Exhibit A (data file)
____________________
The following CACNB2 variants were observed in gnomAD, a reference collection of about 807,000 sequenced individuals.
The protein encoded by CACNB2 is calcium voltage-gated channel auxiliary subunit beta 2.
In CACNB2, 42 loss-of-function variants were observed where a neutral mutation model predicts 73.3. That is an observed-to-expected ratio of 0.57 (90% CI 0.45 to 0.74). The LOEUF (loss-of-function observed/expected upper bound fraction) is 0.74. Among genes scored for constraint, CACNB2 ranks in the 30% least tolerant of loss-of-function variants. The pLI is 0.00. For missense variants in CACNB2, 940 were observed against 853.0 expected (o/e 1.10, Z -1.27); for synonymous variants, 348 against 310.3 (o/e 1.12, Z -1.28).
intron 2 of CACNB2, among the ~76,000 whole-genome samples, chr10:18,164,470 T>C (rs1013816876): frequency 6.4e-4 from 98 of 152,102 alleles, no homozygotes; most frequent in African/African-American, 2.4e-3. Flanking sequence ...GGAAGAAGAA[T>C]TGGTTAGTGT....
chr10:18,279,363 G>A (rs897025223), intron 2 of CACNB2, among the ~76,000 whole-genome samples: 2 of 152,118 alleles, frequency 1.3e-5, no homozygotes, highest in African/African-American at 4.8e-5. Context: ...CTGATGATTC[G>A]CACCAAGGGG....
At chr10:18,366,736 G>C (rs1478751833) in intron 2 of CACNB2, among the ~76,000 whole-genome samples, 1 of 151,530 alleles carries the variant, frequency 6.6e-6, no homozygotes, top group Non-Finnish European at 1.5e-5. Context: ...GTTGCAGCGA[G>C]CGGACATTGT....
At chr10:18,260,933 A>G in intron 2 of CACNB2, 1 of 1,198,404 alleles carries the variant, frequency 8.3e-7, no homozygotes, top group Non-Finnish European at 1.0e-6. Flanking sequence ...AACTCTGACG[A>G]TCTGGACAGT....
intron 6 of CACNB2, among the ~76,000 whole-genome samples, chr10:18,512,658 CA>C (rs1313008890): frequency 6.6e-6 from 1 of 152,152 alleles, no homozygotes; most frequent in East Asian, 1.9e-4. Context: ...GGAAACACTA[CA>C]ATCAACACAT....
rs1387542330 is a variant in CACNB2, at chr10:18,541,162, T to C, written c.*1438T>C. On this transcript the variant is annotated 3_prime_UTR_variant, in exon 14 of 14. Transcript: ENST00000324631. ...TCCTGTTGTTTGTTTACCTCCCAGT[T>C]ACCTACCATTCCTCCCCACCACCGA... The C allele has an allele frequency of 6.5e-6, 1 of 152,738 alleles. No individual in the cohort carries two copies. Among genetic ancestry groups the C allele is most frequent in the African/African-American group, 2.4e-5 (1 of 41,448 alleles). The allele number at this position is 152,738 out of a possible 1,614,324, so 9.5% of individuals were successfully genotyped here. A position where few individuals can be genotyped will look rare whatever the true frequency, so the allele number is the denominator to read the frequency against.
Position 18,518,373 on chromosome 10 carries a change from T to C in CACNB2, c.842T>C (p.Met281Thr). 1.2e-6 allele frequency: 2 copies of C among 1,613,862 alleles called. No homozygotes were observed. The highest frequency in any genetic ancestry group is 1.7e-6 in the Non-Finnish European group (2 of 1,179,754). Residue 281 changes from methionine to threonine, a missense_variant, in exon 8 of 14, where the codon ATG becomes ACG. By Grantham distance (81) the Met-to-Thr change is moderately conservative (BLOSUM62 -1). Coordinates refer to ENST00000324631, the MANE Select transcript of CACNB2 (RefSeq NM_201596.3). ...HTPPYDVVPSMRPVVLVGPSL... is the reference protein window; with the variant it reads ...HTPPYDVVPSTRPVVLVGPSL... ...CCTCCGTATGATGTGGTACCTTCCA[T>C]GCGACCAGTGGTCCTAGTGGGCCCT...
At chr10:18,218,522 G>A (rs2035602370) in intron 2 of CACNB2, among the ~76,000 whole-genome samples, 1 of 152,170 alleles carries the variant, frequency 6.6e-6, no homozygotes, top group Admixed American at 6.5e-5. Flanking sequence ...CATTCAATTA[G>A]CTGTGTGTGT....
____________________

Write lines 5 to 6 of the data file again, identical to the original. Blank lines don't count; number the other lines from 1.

chr10:18,279,363 G>A (rs897025223), intron 2 of CACNB2, among the ~76,000 whole-genome samples: 2 of 152,118 alleles, frequency 1.3e-5, no homozygotes, highest in African/African-American at 4.8e-5. Context: ...CTGATGATTC[G>A]CACCAAGGGG....
At chr10:18,366,736 G>C (rs1478751833) in intron 2 of CACNB2, among the ~76,000 whole-genome samples, 1 of 151,530 alleles carries the variant, frequency 6.6e-6, no homozygotes, top group Non-Finnish European at 1.5e-5. Context: ...GTTGCAGCGA[G>C]CGGACATTGT....